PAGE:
What is the staffing secret to reducing unnecessary hospitalizations by nearly 50 percent? Advanced Practice Registered Nurses (APRNs), according to a Centers for Medicare & Medicaid Services (CMS) report based on research from the University of Missouri.
The findings are based on the Missouri Quality Initiative for Nursing Homes (MOQI), which began in 2012 as a joint state/federal program to improve care at 40 nursing homes in the St. Louis region. Facilities participating in the program saw a 48 percent reduction in unnecessary hospitalizations, tallying a savings of $1,376 per resident overall.
The program’s success has been attributed to having at least one full-time APRN in each participating skilled nursing facility, says Marilyn Rantz, head of the MOQI, in a university press release. "If APRNs were working in every nursing home in the state—helping residents and staff recognize and manage health changes early—this would save millions of dollars each year. There would be far more in savings than the initial cost of hiring these skilled nurses.”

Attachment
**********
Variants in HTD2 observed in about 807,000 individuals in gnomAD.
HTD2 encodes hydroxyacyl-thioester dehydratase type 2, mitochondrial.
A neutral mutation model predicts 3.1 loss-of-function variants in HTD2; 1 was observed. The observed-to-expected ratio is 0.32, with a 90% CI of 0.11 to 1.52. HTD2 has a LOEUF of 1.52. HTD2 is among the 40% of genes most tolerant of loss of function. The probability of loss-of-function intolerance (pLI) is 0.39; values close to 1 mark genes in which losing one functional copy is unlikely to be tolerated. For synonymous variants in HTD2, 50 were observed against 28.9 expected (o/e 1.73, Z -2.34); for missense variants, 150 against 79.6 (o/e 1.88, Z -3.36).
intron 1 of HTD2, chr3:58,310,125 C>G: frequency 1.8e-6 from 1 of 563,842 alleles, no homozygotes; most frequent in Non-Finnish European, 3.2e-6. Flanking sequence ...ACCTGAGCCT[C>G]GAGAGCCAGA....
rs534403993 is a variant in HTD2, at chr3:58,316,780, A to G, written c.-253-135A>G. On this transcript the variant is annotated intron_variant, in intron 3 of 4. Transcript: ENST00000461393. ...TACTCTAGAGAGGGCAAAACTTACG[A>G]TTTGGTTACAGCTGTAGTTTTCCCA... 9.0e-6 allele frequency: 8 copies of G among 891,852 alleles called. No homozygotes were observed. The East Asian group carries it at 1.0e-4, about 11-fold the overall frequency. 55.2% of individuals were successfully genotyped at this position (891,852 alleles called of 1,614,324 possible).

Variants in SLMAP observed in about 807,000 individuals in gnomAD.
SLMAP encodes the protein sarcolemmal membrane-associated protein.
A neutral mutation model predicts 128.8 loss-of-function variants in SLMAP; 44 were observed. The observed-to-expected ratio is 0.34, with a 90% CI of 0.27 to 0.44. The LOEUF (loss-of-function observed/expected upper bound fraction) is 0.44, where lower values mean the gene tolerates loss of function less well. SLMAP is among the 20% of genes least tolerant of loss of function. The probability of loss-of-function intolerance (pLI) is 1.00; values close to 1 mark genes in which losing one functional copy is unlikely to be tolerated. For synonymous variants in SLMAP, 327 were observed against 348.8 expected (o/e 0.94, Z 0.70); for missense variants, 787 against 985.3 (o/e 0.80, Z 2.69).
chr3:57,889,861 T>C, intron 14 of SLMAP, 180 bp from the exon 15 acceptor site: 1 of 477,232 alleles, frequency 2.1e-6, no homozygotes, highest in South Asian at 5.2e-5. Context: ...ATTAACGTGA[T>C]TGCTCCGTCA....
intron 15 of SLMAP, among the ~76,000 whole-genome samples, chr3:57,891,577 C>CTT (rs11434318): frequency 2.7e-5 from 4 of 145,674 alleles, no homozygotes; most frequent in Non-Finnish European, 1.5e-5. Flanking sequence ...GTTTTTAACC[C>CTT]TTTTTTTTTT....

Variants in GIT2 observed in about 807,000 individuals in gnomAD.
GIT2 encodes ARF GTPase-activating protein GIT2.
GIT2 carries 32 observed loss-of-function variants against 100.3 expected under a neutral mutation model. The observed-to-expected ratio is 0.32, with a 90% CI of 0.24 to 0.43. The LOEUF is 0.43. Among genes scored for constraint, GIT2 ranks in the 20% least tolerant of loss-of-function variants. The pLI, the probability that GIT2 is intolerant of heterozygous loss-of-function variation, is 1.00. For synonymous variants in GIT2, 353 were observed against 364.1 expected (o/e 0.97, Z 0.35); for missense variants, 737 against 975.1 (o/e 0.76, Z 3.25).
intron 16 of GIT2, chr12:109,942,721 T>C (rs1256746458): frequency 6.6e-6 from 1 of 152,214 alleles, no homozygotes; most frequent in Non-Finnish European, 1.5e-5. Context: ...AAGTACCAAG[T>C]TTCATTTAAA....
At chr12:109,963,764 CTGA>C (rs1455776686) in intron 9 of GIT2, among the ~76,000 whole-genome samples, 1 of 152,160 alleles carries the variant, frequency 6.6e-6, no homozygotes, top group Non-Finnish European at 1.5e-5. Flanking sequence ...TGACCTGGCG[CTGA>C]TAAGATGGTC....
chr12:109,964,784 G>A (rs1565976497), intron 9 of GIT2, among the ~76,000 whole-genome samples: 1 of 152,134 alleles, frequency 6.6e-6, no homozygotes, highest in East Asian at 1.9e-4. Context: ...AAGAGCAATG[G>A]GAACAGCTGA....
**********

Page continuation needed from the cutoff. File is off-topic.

While the MOQI shows promise as a model nationwide, differing state laws are still problematic, the CMS report notes: “Currently, a set of federal and state laws and policies regulate APRNs’ scope of practice, limiting the scope of services APRNs can provide independently. Progress toward full practice is uneven across states, with some states granting full practice authority, others adopting compromise legislation (e.g., APRNs applying for full practice authority after completing a defined number of supervised practice hours), and still others maintaining burdensome restrictions.”